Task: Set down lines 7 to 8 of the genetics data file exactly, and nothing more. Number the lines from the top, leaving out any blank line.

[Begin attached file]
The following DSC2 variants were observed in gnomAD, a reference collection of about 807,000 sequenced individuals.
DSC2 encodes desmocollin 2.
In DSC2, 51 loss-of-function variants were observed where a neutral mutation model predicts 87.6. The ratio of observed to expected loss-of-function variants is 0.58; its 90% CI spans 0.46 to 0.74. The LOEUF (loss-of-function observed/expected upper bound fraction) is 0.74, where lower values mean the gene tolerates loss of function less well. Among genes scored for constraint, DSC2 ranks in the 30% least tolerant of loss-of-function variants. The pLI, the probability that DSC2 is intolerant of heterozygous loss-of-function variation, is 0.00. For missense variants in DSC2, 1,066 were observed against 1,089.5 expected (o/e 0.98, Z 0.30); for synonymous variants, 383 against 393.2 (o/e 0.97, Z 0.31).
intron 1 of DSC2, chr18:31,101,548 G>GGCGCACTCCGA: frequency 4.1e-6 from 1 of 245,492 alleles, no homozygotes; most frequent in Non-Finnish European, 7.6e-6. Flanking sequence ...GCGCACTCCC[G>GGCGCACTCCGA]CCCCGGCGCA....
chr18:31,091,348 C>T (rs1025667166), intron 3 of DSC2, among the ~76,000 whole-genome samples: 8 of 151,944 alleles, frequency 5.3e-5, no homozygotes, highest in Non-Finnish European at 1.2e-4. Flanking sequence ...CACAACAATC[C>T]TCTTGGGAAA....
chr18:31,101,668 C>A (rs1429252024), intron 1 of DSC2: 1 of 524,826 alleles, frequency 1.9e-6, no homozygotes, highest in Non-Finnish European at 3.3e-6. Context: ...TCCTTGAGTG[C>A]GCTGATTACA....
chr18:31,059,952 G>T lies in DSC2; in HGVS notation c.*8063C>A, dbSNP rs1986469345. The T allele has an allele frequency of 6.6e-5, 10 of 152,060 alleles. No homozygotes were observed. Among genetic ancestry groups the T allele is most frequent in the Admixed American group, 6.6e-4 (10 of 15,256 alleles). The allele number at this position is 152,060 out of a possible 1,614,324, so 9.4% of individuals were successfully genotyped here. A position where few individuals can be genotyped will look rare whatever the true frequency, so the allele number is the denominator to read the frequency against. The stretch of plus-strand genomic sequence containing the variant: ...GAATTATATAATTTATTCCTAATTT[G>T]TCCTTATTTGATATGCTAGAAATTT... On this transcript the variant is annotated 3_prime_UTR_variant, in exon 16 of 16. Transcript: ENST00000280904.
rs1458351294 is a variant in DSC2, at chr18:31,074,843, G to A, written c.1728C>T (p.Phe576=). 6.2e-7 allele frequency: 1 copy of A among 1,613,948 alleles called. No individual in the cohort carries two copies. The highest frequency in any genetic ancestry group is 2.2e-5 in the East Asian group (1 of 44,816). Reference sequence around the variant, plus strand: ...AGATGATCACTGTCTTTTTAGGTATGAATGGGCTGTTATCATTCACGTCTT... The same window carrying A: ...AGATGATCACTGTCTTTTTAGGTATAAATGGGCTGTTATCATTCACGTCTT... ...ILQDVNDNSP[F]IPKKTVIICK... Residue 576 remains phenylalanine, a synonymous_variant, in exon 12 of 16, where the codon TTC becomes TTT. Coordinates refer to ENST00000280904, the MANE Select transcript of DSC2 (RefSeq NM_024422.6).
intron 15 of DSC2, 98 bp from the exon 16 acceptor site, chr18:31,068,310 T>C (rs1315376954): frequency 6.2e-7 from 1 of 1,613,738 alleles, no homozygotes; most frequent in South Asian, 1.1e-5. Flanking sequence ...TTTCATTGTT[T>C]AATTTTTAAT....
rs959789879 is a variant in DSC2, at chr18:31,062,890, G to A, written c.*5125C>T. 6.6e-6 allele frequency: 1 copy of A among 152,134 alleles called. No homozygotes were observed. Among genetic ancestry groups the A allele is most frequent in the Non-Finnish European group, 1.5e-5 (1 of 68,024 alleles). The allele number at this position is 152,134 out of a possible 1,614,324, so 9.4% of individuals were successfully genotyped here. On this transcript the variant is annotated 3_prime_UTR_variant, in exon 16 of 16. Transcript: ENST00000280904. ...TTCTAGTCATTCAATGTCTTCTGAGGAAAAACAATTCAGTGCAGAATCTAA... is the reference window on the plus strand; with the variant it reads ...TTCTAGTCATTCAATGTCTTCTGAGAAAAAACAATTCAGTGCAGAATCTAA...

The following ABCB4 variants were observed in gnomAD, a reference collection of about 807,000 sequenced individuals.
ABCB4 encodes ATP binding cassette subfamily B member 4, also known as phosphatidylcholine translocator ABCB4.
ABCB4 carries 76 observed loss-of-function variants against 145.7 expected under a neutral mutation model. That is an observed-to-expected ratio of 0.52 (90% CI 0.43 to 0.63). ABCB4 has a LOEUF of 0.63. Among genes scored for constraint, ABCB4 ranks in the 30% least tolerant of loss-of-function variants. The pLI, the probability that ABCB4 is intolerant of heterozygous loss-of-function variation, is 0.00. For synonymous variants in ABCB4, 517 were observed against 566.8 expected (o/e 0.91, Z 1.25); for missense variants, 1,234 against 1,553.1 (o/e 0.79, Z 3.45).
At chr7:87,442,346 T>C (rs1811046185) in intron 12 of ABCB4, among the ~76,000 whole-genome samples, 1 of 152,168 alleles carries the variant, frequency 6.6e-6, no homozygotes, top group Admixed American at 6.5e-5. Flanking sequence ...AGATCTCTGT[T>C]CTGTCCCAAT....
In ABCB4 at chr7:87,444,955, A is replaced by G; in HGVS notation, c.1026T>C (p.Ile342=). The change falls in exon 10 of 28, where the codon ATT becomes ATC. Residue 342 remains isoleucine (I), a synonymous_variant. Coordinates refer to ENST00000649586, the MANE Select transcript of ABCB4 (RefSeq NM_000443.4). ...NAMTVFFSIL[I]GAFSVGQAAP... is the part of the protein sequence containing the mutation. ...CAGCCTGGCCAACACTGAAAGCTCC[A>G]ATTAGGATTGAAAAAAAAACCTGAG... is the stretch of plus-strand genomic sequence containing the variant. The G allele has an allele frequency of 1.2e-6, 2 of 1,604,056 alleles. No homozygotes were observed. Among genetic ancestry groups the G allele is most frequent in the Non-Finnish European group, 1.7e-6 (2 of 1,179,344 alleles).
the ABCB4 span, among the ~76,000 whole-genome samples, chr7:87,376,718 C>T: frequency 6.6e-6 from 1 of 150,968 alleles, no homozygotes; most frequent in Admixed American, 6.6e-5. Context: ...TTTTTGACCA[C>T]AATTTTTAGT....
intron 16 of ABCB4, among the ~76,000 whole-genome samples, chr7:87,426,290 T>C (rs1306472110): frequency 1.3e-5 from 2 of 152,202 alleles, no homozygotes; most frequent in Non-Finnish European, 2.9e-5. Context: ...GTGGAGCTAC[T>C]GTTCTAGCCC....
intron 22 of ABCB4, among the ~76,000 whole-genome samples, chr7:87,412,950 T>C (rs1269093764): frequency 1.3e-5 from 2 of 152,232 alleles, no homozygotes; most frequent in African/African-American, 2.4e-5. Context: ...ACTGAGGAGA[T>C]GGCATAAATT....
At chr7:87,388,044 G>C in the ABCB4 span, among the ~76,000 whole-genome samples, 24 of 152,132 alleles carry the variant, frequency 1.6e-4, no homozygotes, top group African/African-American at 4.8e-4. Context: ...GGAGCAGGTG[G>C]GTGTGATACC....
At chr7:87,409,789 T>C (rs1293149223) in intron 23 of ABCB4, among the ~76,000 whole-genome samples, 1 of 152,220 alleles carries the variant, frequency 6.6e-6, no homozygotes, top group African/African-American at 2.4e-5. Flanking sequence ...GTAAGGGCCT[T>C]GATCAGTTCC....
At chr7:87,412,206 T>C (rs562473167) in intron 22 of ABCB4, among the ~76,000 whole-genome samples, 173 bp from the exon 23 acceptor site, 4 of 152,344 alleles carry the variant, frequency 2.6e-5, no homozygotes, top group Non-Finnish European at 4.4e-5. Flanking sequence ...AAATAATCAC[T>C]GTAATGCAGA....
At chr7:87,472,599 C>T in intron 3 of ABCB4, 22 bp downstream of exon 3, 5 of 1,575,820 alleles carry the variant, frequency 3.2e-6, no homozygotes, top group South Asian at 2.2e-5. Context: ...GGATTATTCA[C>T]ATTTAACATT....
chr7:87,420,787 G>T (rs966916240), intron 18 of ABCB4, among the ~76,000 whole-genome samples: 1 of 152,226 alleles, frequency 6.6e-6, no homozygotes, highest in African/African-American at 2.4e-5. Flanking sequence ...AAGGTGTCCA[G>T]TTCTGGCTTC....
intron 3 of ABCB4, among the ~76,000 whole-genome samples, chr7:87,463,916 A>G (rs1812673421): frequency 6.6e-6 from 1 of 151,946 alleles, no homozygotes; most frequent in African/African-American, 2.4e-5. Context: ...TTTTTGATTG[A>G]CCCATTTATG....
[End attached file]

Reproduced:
chr18:31,059,952 G>T lies in DSC2; in HGVS notation c.*8063C>A, dbSNP rs1986469345. The T allele has an allele frequency of 6.6e-5, 10 of 152,060 alleles. No homozygotes were observed. Among genetic ancestry groups the T allele is most frequent in the Admixed American group, 6.6e-4 (10 of 15,256 alleles). The allele number at this position is 152,060 out of a possible 1,614,324, so 9.4% of individuals were successfully genotyped here. A position where few individuals can be genotyped will look rare whatever the true frequency, so the allele number is the denominator to read the frequency against. The stretch of plus-strand genomic sequence containing the variant: ...GAATTATATAATTTATTCCTAATTT[G>T]TCCTTATTTGATATGCTAGAAATTT... On this transcript the variant is annotated 3_prime_UTR_variant, in exon 16 of 16. Transcript: ENST00000280904.
rs1458351294 is a variant in DSC2, at chr18:31,074,843, G to A, written c.1728C>T (p.Phe576=). 6.2e-7 allele frequency: 1 copy of A among 1,613,948 alleles called. No individual in the cohort carries two copies. The highest frequency in any genetic ancestry group is 2.2e-5 in the East Asian group (1 of 44,816). Reference sequence around the variant, plus strand: ...AGATGATCACTGTCTTTTTAGGTATGAATGGGCTGTTATCATTCACGTCTT... The same window carrying A: ...AGATGATCACTGTCTTTTTAGGTATAAATGGGCTGTTATCATTCACGTCTT... ...ILQDVNDNSP[F]IPKKTVIICK... Residue 576 remains phenylalanine, a synonymous_variant, in exon 12 of 16, where the codon TTC becomes TTT. Coordinates refer to ENST00000280904, the MANE Select transcript of DSC2 (RefSeq NM_024422.6).